Office of Information Technology (OIT) - Transition Phase
By Greg McNeal
It is hard to believe that June 2006 is here. What is significant about June? Well, since November of 2005 OIT, in accordance with our published plan, has been in the process of reassigning all Maine State employees with an Information Technology (IT) classification to the Department of Administrative and Financial Services (DAFS). As of June 30th all IT positions will have been transitioned completing this phase of the plan. What does this mean? In most cases the transition will have been seamless with little or no effect on the IT professionals or our 12,000 customers. However, within the area of Client Technologies the transition has been a little more noticeable.
Client Technologies Services has formed three desktop support groups to replace the individual agency desktop support units. The Information Systems Support Managers (ISSM’s) heading the three groups are:
- Vickie Bussey, who has desktop support and customer services responsibilities for DECD, DAFS, PFR, Regulatory agencies, DOE, Conservation, Agriculture, DMR, DEP, IF&W, SPO and the Governors office. Vickie and her approximately 19 IT professionals are supporting approximately 3000 computer users.
- Roger Smith has the desktop support and customer services responsibilities for the group that includes DOT, DOC and DPS. Within this group there are approximately 3700 computer users that are being maintained by 12 IT professionals. This group also has a large regional support area to cover.
- Walter Benson has the desktop support and customer services responsibilities for DHHS and DOL which includes approximately 5400 computer users. This support is provided by 18 IT professionals and also has a large regional support requirement.
This is a diverse group of IT professionals with a myriad of skill sets. As part of the transition process, Sheldon Bird Director, Client Technologies Services has established a series of half-day team building classes. These classes are designed to introduce ourselves to one other and to enhance the positive, can-do, customer-oriented culture within OIT.
What else is going on in the consolidation phase? The Director of Operations Services, Jon Richard, has been tasked with developing a strategy that would identify all State of Maine servers and document how they are being used. It is estimated that the State of Maine has approximately 600 servers in our inventory. With the help of the agency IT staffs and the current OIT server group, we have begun to explore options that would identify a method of reducing, when and where appropriate, the overall number of servers which also reduces the cost of ownership. This has to be done in a balanced manner that does no harm to the agencies, improves service and provides for a more stable environment. There are going to be significant changes in this area over the coming months and years.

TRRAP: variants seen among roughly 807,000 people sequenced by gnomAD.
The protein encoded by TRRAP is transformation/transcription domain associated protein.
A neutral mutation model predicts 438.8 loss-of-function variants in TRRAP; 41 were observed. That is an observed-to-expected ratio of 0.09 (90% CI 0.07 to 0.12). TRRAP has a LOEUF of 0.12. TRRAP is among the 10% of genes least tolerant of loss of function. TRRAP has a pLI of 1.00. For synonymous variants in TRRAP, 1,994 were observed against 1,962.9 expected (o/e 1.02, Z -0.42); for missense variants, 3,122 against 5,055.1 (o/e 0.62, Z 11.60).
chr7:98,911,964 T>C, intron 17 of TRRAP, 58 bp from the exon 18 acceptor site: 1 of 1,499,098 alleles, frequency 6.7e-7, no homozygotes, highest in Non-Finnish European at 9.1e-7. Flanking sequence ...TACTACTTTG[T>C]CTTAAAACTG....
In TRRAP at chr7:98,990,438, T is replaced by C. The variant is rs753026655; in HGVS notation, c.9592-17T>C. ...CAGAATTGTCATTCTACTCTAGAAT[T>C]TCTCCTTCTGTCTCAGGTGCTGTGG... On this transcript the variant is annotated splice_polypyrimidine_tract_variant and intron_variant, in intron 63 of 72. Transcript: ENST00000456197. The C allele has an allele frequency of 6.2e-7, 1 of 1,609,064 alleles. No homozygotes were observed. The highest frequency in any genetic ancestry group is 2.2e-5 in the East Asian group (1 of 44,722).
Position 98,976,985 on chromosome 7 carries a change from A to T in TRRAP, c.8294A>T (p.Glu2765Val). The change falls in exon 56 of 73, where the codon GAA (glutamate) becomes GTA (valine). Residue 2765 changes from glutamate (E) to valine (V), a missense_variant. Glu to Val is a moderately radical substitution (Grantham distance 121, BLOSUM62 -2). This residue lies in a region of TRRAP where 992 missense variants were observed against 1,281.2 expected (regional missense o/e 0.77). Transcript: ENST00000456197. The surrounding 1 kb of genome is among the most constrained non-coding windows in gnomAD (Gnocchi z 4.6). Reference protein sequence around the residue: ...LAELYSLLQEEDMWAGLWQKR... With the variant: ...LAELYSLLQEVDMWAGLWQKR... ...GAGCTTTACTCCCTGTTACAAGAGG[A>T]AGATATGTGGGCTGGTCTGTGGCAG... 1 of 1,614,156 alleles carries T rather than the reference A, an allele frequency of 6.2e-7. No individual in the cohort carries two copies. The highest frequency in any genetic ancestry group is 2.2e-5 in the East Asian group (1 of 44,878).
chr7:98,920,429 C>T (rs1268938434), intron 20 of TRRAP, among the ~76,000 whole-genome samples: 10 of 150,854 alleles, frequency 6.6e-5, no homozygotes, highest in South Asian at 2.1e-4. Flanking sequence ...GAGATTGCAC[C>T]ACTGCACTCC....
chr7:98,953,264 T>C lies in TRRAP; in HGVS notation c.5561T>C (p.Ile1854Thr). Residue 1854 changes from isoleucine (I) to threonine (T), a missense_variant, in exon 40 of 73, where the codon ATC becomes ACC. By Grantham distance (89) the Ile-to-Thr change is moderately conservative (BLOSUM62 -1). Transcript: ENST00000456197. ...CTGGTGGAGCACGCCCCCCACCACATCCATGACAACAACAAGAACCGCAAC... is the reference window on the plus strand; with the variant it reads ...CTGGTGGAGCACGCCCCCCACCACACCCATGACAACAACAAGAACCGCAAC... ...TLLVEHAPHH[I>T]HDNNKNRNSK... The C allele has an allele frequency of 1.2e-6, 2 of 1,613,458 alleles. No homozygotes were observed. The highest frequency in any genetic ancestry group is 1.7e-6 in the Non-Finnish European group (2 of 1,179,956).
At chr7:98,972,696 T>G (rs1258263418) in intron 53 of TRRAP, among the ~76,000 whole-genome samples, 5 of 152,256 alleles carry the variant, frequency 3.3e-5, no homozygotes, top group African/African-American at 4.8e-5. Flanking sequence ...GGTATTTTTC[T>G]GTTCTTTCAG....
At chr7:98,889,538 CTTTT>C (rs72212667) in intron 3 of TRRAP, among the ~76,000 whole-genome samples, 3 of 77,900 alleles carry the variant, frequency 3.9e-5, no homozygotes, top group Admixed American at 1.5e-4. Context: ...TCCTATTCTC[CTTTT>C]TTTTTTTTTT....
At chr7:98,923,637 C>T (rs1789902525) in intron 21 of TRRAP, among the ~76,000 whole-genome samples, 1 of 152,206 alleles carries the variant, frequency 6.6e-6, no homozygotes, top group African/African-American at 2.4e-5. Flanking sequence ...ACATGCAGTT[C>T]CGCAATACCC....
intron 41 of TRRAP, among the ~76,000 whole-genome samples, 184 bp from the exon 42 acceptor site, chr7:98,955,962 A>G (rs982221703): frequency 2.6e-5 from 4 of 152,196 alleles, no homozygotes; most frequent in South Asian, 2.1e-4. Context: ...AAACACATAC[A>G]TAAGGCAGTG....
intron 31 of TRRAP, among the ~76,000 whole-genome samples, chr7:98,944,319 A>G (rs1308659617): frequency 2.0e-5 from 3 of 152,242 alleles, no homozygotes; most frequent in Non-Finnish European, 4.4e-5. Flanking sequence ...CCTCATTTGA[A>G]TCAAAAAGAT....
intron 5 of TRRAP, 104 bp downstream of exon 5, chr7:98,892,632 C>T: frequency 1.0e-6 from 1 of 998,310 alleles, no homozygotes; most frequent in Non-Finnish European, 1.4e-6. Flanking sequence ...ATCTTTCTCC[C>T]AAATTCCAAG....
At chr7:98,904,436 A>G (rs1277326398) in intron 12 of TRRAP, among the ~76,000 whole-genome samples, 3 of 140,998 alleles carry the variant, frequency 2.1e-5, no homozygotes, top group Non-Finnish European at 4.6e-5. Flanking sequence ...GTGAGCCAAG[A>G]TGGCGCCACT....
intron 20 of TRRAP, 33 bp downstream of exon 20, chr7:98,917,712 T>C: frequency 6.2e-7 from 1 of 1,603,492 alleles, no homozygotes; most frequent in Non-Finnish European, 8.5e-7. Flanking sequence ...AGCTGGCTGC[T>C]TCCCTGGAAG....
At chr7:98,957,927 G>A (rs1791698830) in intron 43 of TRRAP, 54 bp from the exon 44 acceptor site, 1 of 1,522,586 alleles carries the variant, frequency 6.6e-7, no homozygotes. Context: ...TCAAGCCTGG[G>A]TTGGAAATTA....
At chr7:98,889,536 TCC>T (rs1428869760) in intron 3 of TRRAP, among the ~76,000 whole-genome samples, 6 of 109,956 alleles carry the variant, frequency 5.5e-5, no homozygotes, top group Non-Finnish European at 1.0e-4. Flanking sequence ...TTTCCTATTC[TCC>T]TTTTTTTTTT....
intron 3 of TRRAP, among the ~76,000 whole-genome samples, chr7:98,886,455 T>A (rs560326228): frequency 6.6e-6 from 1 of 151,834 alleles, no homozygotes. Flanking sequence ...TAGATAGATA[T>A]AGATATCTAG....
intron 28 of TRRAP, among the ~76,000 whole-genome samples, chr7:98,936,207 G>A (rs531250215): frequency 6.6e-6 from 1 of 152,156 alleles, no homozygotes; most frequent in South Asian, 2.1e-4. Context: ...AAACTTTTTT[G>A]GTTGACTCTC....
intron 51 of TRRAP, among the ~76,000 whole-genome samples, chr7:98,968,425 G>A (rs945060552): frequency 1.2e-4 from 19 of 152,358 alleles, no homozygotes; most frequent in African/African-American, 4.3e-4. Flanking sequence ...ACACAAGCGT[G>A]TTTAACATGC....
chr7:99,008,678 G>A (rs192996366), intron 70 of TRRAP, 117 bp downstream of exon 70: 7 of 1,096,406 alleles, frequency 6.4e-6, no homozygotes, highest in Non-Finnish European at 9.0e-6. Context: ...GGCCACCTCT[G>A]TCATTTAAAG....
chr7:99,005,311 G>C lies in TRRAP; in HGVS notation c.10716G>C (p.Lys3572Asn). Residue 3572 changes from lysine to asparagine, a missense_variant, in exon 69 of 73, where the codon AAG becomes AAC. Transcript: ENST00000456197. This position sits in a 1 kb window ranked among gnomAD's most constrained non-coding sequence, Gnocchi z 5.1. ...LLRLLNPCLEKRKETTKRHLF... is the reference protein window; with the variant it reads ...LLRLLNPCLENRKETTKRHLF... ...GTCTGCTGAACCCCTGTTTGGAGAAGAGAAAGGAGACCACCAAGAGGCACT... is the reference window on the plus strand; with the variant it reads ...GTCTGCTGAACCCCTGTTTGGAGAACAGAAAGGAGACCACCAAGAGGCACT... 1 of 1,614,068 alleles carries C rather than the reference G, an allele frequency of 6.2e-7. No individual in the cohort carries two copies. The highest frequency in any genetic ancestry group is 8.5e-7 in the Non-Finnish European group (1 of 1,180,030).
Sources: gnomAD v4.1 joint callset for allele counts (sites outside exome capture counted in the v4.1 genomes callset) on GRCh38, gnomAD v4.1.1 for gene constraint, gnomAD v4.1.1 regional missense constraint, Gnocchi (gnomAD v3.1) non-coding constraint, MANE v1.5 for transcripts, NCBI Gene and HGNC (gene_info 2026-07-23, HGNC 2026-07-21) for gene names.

In the past it was common to buy a new server to support specific applications. This will not normally be the case in the future. In the future support needs for all applications coming on-line will be evaluated to determine operational needs. We will also explore the option of creating a Network Attached Storage (NAS) file server environment. This solution will consist of a NAS system that will replace the traditional Windows file server. This effort, if successful, will eliminate the need for many file servers and improve service and reliability. We recognize there will be situations that this solution will not fit. In those cases we will need to continue with the traditional models as we actively seek to find creative technical and cost effective solutions.
To develop these, and to explore other operationally expedient processes, we will need to form technical teams that will perform an initial evaluation and identify existing server environments to further identify potential consolidation opportunities. These teams will be a blend of IT technical professionals with a myriad of skill sets.
The long term goal of the server consolidation effort is to have an appropriate number of operationally efficient data centers for the state. We currently have at least seven data centers. The final number of data centers will be determined once we have a clear understanding of the overall business needs.
These are both exciting and unsettling times. The uncertainty of what the future holds is common when dealing with change of this magnitude. We should all be looking forward to a successful transition of improved customer support, with a staff of IT professionals that have proven over the years to be capable of instituting change and managing technology.